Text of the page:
I’m in love with a girl called Alice, but don’t know what to do about it. Asking her out is impossible. Whenever I’m near her, my vocal cords tighten up so much I can’t form a single, intelligible word. Besides, she’s been going out with a guy named Guy for the past two years and doesn’t realize we’re meant to be together.

I read in a magazine once that the Bible can be used to help a person plan his life. Bibliomancy they call it – ask a question, let the book fall open and point at one of the pages in the hope you’ll see something of relevance. It seems as good a way as any to make a decision. Not the Bible, though. For someone who doesn’t believe in God it doesn’t seem right.

My eyes move along the books on my shelves – Dumas, Poe, Orczy, Dinesen – settling finally on a collection of fairy-tales. It’s the perfect choice – thick with a hardback cover that readily parts. I pick it up, settle myself in the wing-backed chair by the window – crimson upholstered with a recurring Fleur-de-Lys motif – and stand it on its spine between my thighs. It feels like a significant moment in my life, so I speak my question loudly and clearly – “How do I win the heart of my darling Alice?”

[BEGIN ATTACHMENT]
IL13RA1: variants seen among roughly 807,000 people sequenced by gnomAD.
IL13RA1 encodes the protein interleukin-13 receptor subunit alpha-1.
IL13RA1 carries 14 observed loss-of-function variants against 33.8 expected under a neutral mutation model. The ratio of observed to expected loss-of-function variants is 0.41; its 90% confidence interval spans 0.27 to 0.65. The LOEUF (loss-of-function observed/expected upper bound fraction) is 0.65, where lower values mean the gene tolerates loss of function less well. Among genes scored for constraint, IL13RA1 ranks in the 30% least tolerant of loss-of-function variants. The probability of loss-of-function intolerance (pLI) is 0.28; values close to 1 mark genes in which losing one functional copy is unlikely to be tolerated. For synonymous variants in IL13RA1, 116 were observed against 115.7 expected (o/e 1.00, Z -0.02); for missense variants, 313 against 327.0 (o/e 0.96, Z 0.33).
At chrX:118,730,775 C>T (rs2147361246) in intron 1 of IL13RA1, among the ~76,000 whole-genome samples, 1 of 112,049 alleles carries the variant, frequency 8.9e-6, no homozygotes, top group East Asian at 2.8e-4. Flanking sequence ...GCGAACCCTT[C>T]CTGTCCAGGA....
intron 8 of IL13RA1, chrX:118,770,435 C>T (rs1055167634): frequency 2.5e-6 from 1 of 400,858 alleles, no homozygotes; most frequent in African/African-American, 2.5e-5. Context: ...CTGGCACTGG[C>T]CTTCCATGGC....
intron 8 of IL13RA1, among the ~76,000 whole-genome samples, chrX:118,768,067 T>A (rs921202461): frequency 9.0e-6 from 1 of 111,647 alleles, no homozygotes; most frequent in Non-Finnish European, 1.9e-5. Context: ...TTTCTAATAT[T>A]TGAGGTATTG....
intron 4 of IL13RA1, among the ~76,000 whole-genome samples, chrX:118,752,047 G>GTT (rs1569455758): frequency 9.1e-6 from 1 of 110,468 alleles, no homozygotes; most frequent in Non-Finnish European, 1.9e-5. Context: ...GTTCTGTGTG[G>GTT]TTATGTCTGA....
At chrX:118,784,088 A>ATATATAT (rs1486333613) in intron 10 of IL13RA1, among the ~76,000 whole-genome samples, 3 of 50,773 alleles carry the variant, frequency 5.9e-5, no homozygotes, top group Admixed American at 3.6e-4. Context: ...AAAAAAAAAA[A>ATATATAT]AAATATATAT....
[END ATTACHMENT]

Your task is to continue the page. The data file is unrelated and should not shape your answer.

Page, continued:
I lift away my hands and the book opens at the story of Rapunzel. Without looking, I point at one of the passages. It turns out to be the part where the sorceress locks the heroine in a tower. A smile plays across my lips. It isn’t the suggestion I was expecting, but I’m willing to go along with it.

I put the book back on the shelf and hurry down to my shed. If I’m going to be a kidnapper, I’ll need some rope.